Northern Virginia’s population consists of those under 18 years old, so you better believe there is a whole industry geared toward keeping them entertained.
Yes, you can take a safari in Northern Virginia … at Roer’s Zoofari in Vienna. The 30-acre park is home to many exotic animals and farm animals. See antelope, zebras and ostriches on the narrated safari or feed barnyard animals (goats, lambs and piglets). There is also an aviary exhibit and a reptile house. Leesburg Animal Park goes a little bigger with big cats, white-handed gibbons and zebras, too. They’ve also got llamas, donkeys and cute critters like ducks and bunnies. They offer pony and camel rides, host live animal shows and have indoor and outdoor play spaces with slides and trampolines.
Have a splashing good time
While we have our fair share of outdoor water parks—Splashdown Waterpark, Atlantis Waterpark at Bull Run, The Water Mine Family Swimmin’ Hole, Signal Bay Water Park, Volcano Island Waterpark, Great Waves Waterpark, Pirate’s Cove Waterpark, Ocean Dunes Waterpark and Waterworks Waterpark—when the weather turns cold, we’ve still got a lot of options. Sterling’s Claude Moore Recreation Center has a giant waterslide, vortex, lazy river, spray features and a water playground. You can also find the same at the 4,860-square-foot Cub Run Rec Center in Chantilly with two slides (one is an enclosed tube that goes outside the building). Freedom Aquatic and Fitness Center, in Manassas, offers all these as well as tumble buckets.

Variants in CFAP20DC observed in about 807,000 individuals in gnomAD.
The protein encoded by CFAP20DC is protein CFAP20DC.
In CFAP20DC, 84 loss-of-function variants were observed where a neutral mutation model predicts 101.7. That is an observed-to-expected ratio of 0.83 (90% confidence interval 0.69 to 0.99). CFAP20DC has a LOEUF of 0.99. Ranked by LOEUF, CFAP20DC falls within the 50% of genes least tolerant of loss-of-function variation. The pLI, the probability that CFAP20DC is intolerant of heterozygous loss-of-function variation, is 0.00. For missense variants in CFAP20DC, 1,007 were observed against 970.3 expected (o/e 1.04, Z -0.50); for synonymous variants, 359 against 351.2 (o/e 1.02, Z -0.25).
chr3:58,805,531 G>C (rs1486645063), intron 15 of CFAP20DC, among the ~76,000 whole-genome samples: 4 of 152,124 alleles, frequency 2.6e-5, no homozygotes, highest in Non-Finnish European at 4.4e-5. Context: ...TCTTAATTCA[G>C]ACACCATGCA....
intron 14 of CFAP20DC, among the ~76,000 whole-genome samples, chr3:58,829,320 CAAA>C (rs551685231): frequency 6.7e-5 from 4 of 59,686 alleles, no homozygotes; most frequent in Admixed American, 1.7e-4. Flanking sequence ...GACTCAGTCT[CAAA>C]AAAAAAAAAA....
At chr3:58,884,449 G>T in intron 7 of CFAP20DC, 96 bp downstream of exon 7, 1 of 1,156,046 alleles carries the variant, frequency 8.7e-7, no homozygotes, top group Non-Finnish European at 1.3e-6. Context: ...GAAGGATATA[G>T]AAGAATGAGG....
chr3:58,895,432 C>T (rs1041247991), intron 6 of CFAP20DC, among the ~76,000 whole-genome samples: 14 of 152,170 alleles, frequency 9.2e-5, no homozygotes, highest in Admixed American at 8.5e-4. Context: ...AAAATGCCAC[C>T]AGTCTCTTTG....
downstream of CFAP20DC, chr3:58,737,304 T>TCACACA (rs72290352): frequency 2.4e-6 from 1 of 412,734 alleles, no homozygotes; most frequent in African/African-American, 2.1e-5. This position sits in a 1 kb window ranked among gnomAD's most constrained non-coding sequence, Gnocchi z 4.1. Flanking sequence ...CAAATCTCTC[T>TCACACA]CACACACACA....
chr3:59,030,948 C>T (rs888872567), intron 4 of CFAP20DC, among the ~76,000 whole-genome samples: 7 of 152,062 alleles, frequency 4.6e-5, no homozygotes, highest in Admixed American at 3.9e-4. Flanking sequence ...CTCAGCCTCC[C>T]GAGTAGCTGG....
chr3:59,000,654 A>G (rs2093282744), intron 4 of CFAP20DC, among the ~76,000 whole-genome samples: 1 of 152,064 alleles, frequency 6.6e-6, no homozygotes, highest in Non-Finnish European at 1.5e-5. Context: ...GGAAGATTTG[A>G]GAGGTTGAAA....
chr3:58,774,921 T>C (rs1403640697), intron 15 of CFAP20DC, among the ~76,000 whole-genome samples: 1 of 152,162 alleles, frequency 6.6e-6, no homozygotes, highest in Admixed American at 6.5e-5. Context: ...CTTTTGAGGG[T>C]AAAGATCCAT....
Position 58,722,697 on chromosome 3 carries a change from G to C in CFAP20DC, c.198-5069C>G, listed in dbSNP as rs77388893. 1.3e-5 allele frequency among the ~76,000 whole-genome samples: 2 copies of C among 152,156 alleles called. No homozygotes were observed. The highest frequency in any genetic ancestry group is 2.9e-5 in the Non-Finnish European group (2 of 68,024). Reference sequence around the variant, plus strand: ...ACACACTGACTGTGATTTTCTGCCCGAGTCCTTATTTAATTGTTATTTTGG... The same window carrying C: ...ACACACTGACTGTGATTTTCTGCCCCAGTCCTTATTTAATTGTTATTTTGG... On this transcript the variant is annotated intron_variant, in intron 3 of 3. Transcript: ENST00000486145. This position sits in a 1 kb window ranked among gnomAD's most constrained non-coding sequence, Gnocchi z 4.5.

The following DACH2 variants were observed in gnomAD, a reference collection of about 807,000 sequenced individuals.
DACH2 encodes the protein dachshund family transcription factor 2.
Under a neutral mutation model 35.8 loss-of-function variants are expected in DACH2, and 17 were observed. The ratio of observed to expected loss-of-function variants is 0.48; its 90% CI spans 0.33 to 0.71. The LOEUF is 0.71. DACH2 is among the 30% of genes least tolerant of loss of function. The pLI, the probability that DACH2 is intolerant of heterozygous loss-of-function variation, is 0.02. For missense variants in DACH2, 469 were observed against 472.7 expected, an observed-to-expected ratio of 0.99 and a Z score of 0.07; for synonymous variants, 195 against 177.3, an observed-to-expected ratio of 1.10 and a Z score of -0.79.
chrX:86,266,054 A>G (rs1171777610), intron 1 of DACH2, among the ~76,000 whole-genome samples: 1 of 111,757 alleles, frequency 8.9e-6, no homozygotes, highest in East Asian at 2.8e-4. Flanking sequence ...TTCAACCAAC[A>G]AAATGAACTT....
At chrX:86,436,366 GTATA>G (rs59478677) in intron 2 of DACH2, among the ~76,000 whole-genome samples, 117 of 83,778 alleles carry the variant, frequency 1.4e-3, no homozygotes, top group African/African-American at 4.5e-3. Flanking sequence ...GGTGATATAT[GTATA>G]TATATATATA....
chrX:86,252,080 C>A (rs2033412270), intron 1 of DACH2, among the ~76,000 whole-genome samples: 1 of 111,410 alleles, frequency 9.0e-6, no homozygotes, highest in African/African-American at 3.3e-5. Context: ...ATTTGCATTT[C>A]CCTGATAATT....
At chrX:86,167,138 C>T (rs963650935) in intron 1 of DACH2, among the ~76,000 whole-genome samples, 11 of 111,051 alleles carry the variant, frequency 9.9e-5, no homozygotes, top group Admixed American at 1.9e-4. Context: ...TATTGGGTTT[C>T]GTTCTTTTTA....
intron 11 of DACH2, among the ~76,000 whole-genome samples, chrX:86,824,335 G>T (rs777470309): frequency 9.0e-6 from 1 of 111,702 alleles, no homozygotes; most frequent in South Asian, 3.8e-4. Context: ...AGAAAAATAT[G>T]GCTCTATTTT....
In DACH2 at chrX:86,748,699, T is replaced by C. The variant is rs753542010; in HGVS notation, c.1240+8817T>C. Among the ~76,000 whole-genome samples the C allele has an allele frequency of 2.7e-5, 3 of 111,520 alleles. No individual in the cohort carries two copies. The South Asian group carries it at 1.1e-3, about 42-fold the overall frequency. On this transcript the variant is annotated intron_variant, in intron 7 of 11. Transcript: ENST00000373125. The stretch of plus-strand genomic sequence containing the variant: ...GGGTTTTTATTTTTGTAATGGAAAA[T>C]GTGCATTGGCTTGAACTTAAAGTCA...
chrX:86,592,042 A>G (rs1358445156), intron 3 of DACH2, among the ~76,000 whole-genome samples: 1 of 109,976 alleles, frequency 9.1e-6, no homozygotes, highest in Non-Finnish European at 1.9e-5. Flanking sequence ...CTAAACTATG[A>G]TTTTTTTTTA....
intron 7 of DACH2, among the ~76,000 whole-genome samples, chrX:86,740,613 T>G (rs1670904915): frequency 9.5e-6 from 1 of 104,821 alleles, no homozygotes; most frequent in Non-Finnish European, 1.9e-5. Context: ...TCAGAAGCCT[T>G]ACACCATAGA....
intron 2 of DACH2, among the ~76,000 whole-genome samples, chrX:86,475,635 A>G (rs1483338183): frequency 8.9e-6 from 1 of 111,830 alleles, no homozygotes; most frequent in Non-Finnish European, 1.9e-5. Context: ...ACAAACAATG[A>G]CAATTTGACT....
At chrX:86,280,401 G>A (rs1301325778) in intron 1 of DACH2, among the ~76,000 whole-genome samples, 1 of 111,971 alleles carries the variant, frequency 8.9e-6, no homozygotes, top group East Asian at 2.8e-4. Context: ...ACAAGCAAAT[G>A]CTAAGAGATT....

Be at one with nature
Some days call for restful strolls and learning adventures, and you can find many options at the sanctuaries and nature centers that are dotted throughout the region. In the west, we’ve got the Audubon Naturalist Society Rust Sanctuary with 68 acres of meadows, forests and ponds and year-round programs including the Fresh Air Kids series for preschoolers; Broadlands Nature Center with small animal exhibits and seasonal programs; Walker Nature Education Center, where visitors can chat with naturalists, view living animal exhibits and peruse a nature library; and Ellanor C. Lawrence Park, which boasts trails, ponds, streams and meadows along with a nature center and historical buildings so visitors can see how families used to live during the late 1700s. The eastern portion of Northern Virginia offers lots of nature trails and live animal displays at Gulf Branch Nature Center, Hidden Pond Nature Center, Jerome “Buddie” Ford Nature Center, Potomac Overlook Regional Park and Long Branch Nature Center. But the place for kids to get the hands-on experience is at Hidden Oaks Nature Center with its live animal displays, climbing tree loft and fort-building areas.
As diverse as the residents of Northern Virginia, so goes the array of creative activities for children outside of the typical youth sports leagues. For children interested in writing, there are great programs through Writopia Labs and the Northern Virginia Writing Project. Each program hones in on different genres of writing and involves professionals who teach the skills needed. For art-lovers, Treehouse for Creative Kids, The Art League and Arlington Arts Center are just a few of the venues for instruction with programs focusing on multiple mediums—pastels, charcoal, watercolors, acrylics and graphite—and genres—painting, drawing, manga and cartooning. Aspiring performers have a host of options that will get them experience on the stage in front of audiences, including professional venues that host children-specific programs such as Encore Stage and Synetic Theater.